Bedrooms blunders that hinder sleep

Written By: Kathy Price-Robinson - Apr• 04•08

Tossing and turning, tossing and turning.A lot has been written lately about insomnia. An L.A. Times piece asks "Can insomnia kill?" and author Gayle Greene wonders if Heath Ledger’s death was due to insomnia and the subsequent overload of insomnia drugs.

Greene is a professor at Scripps College in Claremont and the author of "Insomniac," a first-person account of living with insomnia.

In the New York Times, a blog posting titled "Curing Insomnia Without Pills" got more than 600 reader comments.

The reasons for insomnia are complex and perhaps uncontrollable. So that’s why controlling what can be controlled -– the bedroom environment –- is so compelling.

Here are eight blunders — spelled out by the Better Sleep Council, Restfulsleep.net and Martha Stewart.com — which result in bedrooms that are detrimental to sleep, and some suggestions for improvements.

1. Too-warm temperature: Keep the air temperature cool. The Better Sleep Council advises keeping the room between 60 and 65 degrees.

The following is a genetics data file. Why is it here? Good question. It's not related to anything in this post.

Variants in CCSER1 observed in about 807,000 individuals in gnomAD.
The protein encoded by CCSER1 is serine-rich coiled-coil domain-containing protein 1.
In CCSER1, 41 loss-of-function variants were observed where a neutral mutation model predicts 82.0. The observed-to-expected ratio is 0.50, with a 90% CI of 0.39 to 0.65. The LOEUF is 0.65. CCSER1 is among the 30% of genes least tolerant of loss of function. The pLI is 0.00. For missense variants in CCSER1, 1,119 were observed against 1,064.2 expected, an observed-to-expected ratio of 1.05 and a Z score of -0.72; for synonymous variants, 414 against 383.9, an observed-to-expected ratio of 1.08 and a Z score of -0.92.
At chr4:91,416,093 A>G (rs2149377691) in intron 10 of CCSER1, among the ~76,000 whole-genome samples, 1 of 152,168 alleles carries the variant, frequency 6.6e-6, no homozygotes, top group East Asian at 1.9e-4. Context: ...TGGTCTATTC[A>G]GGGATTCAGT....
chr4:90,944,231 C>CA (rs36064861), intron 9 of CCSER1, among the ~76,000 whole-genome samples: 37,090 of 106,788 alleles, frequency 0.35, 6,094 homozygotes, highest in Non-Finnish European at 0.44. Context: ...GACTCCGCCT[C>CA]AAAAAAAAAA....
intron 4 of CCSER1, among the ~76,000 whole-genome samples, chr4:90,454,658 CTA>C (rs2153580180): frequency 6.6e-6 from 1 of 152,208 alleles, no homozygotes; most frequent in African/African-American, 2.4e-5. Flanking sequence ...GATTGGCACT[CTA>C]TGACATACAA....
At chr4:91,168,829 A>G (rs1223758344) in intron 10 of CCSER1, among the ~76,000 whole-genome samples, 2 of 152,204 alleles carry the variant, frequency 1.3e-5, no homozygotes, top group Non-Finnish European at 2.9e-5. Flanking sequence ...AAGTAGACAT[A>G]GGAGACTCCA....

2. Dry air: Place green plants in the room to produce oxygen and bring moisture into a too-dry environment. In some cases, a humidifier might be needed.

3. Overly stimulating colors: Use calming colors. Some colors, like bright yellow, are very stimulating, while others, such as blue, are calming.

4. Uncomfortable bed: Get a more comfy bed with luxurious sheets (and lose the lumpy pillows).

5. Chemically smells: Pay attention to scents in the bedroom. Some people find lavender to be relaxing, while the smells of detergents, fabric softeners and cleaning products may have the opposite effect.

6. Too much outside noise: If you’re remodeling, add extra insulation or soundproofing drywall, such as QuietRock, to the walls to create a quiet environment.

7. Too much outside light: Add light-blocking shades to keep the room dark as possible.

8. Computer and TV in room: Move the computer and TV out of the bedroom, and move the bright light of the digital clock out of view.

Other thoughts?

(Photo: New York Times)

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One Comment

  1. lil_gaucha says:

    earplugs.
    They not very comfortable, but if your spouse’s snoring or much later bed time disturb your sleep, they can be a sleep saver.
    I’ve been using them for three months now and the difference has been amazing.
    I recommend getting the kind with a string attaching the pair to each other — they’re easier to keep track of that way.

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